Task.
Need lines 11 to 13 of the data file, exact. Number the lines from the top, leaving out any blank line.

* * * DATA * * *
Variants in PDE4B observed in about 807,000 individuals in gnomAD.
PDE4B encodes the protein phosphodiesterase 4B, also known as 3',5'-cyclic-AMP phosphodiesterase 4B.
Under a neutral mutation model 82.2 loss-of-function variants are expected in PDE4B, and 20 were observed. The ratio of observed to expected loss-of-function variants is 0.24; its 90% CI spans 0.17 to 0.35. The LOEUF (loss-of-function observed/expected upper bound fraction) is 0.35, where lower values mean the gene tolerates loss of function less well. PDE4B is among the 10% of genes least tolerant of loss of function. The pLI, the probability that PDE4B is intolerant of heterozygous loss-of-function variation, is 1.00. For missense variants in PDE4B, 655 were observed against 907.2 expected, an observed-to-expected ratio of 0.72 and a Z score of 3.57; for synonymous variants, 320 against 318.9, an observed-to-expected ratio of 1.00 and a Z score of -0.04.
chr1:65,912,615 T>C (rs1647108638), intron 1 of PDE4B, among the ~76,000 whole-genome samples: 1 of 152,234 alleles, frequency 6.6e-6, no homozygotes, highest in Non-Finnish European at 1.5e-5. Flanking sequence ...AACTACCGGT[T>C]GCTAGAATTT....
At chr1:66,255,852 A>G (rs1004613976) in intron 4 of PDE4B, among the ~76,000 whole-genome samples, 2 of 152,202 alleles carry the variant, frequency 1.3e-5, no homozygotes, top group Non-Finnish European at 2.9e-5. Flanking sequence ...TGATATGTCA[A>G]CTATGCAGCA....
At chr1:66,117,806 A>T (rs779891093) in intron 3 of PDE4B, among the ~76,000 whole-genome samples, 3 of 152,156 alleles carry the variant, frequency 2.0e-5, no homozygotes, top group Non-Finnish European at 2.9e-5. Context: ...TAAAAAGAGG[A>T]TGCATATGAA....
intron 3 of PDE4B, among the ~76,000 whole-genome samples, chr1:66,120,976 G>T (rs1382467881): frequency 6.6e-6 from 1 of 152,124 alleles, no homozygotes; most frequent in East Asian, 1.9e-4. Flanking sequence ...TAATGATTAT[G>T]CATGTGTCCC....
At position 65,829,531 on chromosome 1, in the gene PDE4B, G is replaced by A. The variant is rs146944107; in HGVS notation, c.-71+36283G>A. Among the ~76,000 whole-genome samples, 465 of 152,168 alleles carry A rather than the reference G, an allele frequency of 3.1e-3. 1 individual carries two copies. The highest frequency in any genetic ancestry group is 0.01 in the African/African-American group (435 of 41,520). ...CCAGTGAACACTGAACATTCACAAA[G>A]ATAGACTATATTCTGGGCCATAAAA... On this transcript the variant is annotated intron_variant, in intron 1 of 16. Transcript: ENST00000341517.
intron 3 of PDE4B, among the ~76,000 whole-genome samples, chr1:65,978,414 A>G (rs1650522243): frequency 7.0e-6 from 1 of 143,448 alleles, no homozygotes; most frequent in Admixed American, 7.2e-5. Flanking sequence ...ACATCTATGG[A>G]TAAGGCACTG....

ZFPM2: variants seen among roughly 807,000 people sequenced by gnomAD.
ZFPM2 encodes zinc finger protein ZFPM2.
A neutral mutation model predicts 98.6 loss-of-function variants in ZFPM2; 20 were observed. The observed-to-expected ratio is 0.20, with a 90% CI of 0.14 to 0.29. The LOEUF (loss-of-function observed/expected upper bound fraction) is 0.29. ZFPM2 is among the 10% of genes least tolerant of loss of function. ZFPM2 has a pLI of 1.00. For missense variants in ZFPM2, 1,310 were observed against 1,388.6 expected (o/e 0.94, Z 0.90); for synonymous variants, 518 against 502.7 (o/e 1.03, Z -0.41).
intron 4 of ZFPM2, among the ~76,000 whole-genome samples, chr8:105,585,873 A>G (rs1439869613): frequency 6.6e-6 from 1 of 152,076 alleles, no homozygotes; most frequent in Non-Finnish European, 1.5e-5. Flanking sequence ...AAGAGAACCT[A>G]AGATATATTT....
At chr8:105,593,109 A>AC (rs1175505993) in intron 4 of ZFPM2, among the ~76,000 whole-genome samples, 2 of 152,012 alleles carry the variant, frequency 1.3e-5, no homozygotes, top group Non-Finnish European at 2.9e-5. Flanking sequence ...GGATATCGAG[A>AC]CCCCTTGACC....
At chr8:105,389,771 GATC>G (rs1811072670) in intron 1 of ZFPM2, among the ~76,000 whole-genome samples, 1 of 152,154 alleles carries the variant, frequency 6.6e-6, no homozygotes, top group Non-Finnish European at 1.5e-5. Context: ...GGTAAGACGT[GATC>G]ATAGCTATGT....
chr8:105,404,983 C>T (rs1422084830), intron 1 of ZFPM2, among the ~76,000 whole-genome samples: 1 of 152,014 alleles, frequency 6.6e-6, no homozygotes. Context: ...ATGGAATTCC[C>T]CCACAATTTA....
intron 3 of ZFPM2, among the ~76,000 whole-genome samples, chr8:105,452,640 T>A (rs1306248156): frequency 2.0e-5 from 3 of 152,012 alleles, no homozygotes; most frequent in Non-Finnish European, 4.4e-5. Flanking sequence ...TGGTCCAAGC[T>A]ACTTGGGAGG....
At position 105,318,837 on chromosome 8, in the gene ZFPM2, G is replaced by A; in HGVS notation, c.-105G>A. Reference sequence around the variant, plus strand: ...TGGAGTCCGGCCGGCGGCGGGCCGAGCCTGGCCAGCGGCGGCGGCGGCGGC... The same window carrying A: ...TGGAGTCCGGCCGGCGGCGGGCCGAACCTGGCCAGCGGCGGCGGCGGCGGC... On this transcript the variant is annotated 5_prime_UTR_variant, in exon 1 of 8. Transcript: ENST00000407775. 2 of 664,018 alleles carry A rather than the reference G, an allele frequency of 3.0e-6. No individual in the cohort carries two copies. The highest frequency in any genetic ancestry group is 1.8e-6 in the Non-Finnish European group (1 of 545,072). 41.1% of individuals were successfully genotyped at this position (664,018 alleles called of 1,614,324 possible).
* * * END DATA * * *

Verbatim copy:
ZFPM2 encodes zinc finger protein ZFPM2.
A neutral mutation model predicts 98.6 loss-of-function variants in ZFPM2; 20 were observed. The observed-to-expected ratio is 0.20, with a 90% CI of 0.14 to 0.29. The LOEUF (loss-of-function observed/expected upper bound fraction) is 0.29. ZFPM2 is among the 10% of genes least tolerant of loss of function. ZFPM2 has a pLI of 1.00. For missense variants in ZFPM2, 1,310 were observed against 1,388.6 expected (o/e 0.94, Z 0.90); for synonymous variants, 518 against 502.7 (o/e 1.03, Z -0.41).
intron 4 of ZFPM2, among the ~76,000 whole-genome samples, chr8:105,585,873 A>G (rs1439869613): frequency 6.6e-6 from 1 of 152,076 alleles, no homozygotes; most frequent in Non-Finnish European, 1.5e-5. Flanking sequence ...AAGAGAACCT[A>G]AGATATATTT....